To be healthy, people need an effective immune response, otherwise, they would succumb to overwhelming infection, even by everyday bacteria.
However, sometimes our immune system can become hyperactive and cause damage through inflammation, even in the absence of any infection.
In a number of inflammatory conditions, such as osteoarthritis, rheumatoid arthritis, and, more recently, COVID-19, major complications and extensive tissue damage can occur when the immune system becomes excessively and uncontrollably activated.
Finding new ways to selectively control this over-activity could have major clinical benefits.
A recent study at the University of Liverpool and elsewhere found the potential benefits of new drug treatment on the human body’s immune response in inflammation.
The study is published in Inflammopharmacology. One author is rheumatologist Professor Robert Moots.
In the study, the team focused on neutrophils, the most abundant immune cells in the blood.
The cells are rapidly dispatched to sites of infection, where they fulfill their life-saving antimicrobial functions by destroying infectious organisms and producing signaling proteins called cytokines, that help co-ordinate the recruitment and activity of other immune system cells to the battle against the infection.
There is much evidence to show that these cells are important players behind many rheumatic diseases.
In some situations, if the levels of cytokines are too high, they can trigger an extreme inflammatory reaction called a cytokine storm.
These storms cause overwhelming inflammation that leads to blocked or ruptured blood vessels. This can affect the entire circulatory system.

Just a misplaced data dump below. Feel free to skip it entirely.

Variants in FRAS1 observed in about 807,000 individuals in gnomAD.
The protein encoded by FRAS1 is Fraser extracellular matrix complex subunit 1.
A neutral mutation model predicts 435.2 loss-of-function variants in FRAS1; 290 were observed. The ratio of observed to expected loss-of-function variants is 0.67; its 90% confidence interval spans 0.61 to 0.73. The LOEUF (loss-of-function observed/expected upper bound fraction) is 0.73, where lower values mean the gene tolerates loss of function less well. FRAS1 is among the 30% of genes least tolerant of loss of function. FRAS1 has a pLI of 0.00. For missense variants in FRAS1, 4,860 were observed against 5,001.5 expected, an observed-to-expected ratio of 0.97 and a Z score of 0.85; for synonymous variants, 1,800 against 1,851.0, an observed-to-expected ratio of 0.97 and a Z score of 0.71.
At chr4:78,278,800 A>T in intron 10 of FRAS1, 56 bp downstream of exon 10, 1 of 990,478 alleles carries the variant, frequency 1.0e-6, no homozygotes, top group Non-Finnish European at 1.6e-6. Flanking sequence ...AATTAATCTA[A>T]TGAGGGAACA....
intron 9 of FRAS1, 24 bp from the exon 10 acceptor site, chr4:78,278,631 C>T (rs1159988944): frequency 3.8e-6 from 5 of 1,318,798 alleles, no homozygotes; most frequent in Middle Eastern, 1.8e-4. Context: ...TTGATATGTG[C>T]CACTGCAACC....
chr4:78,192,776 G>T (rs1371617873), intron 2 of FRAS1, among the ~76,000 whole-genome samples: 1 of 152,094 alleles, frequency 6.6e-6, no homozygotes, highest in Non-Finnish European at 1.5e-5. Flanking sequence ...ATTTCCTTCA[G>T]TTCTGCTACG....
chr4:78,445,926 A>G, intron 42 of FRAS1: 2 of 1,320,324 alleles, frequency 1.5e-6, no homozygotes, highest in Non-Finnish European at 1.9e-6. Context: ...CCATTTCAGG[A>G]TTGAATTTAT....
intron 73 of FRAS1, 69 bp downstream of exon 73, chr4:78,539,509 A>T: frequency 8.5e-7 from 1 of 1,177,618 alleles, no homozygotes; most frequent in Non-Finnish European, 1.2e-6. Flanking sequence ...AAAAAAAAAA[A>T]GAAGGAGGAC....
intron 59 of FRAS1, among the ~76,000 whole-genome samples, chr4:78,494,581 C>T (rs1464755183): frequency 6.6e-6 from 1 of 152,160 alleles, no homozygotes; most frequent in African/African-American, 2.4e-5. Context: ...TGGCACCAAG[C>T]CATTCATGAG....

Cytokine storms can cause immense damage, multiple organ failure, sepsis, and even death and, appear to play a major role in severe COVID-19 disease.
In the study, the team found APPA is a novel drug under development for use in osteoarthritis, a major disabling problem world-wide that is caused by low-grade inflammation.
The first part of its formal clinical evaluation in Liverpool has recently been successfully completed.
Now, the impact of the drug on neutrophils has been examined and published.
The team found that APPA clearly demonstrated anti-inflammatory potential but without weakening host defense to infection.
The team showed that APPA has the potential to dampen down that bad inflammation that causes rheumatic diseases—but not impact the crucial antimicrobial function of neutrophils.
The results suggest a prime role for APPA in helping safely modify aggressive immune response, not only in arthritis but even, potentially, in COVID-19.
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